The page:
Worship for December 6, 2020

You can join this week’s worship service by visiting here.

Below, you’ll find Steve’s reflection and Andy’s prayers for this week.

A Children’s Time video can be found here.

In these exceptional times, please do stay in touch, with us and with each other. The peace of Christ be with you all.

Second Sunday of Advent
Scripture: Mark 1: 1-8
Music:  “Dream a Dream”, “Infant Holy, Infant Lowly”

A few years ago, on the night of the Advent Carol Service, I was handed my part, a reading featuring John the Baptist. In it, John dripping with rage calls the religious leaders, “A brood of vipers!” . . . I looked at my colleague and said, “Really?” To which she replied very flatly, “We felt you were the best one to pull this off.”. . . I was not sure whether I should be pleased or a little insulted. . . . I’m still not sure. But ever since then, John the Baptist has always had a special place in my heart.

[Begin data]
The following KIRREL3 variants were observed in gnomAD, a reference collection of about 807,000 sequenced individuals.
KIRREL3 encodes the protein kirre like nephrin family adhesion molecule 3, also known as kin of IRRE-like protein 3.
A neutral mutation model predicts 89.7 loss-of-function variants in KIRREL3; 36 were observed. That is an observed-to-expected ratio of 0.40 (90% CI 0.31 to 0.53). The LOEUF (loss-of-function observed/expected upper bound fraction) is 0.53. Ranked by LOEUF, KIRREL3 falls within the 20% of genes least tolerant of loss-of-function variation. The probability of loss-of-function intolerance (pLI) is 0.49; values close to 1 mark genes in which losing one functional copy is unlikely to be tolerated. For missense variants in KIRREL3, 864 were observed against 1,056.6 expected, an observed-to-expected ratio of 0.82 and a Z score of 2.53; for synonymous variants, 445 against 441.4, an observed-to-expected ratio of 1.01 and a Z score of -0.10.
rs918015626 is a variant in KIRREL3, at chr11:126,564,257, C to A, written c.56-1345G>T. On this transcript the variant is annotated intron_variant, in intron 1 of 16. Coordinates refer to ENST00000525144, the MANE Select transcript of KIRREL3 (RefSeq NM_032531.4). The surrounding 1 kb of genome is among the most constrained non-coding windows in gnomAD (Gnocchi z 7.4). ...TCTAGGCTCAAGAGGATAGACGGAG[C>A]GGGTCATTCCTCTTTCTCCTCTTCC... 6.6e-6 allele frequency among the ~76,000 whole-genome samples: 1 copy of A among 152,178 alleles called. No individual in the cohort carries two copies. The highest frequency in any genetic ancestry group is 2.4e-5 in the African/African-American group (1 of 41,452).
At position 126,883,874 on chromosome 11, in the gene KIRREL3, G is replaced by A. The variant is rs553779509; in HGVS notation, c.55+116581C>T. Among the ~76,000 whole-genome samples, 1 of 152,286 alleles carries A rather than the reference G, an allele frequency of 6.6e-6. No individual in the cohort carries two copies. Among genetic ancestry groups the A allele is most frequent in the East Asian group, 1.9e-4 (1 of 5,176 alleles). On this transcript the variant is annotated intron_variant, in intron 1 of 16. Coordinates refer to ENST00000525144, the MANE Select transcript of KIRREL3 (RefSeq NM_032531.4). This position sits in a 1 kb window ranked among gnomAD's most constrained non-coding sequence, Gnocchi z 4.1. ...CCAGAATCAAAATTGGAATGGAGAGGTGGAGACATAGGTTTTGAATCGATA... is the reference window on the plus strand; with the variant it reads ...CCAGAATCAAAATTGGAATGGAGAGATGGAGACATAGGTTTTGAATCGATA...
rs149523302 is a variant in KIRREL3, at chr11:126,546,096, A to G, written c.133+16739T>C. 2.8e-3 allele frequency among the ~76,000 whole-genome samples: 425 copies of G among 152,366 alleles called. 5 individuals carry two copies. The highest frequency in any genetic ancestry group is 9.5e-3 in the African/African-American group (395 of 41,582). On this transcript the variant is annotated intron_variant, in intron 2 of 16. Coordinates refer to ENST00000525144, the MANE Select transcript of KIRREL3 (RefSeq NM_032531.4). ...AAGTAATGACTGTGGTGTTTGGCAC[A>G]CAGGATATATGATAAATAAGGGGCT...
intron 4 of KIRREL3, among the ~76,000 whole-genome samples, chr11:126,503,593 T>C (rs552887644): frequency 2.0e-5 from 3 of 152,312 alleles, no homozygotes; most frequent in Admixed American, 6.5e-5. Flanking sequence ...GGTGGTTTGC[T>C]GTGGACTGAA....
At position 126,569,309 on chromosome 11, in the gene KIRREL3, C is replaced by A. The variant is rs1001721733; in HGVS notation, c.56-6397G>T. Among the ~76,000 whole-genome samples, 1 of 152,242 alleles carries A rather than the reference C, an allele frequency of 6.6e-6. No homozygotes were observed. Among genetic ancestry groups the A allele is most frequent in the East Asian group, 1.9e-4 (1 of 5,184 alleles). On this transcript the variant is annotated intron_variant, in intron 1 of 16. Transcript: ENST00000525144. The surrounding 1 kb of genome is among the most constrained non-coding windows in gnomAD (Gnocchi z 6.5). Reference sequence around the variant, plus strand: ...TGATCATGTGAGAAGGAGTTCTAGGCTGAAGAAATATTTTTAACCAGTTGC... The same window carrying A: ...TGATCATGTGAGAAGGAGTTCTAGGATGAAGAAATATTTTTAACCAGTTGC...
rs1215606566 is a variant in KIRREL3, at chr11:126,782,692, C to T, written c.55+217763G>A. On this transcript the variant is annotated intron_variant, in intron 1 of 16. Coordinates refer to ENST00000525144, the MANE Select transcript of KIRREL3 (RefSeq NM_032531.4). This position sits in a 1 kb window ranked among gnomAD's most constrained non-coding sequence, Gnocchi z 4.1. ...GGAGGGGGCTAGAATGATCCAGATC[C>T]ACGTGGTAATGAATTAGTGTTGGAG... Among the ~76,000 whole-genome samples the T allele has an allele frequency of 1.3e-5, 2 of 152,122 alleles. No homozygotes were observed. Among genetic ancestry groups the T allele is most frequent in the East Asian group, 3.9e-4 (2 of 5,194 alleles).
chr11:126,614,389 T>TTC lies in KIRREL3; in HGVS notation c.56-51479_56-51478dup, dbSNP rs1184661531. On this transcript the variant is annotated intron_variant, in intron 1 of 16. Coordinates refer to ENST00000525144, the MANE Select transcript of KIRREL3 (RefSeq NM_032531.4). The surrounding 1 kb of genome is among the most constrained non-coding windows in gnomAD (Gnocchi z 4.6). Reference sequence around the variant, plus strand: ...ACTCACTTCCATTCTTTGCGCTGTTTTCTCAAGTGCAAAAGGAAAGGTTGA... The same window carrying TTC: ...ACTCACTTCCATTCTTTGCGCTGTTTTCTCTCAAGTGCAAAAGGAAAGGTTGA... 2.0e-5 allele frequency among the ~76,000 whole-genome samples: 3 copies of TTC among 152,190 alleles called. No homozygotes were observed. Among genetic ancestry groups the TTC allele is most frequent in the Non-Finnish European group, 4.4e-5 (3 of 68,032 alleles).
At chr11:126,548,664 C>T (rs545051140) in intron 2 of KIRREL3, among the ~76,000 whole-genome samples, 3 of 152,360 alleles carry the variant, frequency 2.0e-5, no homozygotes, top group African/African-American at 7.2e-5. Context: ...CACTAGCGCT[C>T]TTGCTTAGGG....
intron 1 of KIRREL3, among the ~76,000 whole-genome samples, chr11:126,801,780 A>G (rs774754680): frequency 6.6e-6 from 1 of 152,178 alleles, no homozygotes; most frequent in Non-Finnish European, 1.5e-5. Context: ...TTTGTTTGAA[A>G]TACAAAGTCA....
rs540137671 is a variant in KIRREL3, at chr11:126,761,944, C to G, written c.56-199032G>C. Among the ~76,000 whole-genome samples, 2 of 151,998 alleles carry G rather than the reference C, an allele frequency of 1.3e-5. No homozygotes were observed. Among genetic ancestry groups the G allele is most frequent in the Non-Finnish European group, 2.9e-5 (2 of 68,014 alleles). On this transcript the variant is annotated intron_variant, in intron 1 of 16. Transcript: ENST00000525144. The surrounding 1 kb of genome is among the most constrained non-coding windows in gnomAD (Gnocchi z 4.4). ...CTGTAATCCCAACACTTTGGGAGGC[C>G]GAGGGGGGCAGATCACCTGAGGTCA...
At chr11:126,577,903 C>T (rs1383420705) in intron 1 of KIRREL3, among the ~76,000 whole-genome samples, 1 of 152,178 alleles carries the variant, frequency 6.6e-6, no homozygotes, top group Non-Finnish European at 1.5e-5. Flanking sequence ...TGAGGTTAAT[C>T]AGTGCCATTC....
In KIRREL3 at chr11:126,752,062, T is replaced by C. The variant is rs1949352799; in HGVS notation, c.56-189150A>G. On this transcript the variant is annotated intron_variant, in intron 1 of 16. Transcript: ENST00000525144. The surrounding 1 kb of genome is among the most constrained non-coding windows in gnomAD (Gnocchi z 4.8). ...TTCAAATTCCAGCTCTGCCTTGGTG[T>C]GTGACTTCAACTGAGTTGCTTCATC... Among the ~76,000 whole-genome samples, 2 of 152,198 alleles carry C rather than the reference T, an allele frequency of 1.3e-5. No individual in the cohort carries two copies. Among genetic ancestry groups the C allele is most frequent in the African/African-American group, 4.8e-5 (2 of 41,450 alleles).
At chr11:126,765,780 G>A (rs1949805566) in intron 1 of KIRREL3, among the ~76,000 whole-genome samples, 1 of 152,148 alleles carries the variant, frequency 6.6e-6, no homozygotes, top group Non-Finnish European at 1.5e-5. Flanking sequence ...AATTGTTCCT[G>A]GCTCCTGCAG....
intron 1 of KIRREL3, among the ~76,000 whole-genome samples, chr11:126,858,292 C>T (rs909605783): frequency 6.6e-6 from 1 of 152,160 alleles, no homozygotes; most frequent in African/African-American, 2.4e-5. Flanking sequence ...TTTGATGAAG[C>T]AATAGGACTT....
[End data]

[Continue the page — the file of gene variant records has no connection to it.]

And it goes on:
This year, the Advent reading about the Baptizer comes from the Gospel of Mark and he is the opening act. He kicks the door open, looks around and then starts barking out orders. “Prepare the way of the Lord! Knock down those mountains! Fill in those valleys! Straighten out that part of the road! Fill in those pot holes! What are you waiting for? Get busy! And while you’re at it, REPENT! Doesn’t exactly sound as if he is full of Christmas cheer does he?

Advent is a busy time – normally. Even this year, in the midst of a pandemic, when we’re asked to stay home and minimize our running around there is still a lot to do to get ready; like decorating and cooking and trying to figure out that perfect gift, even if it is online shopping.

So, how do we respond to this wild eyed prophet? How do we respond when so many other things have changed and we can’t even go to church in the usual way?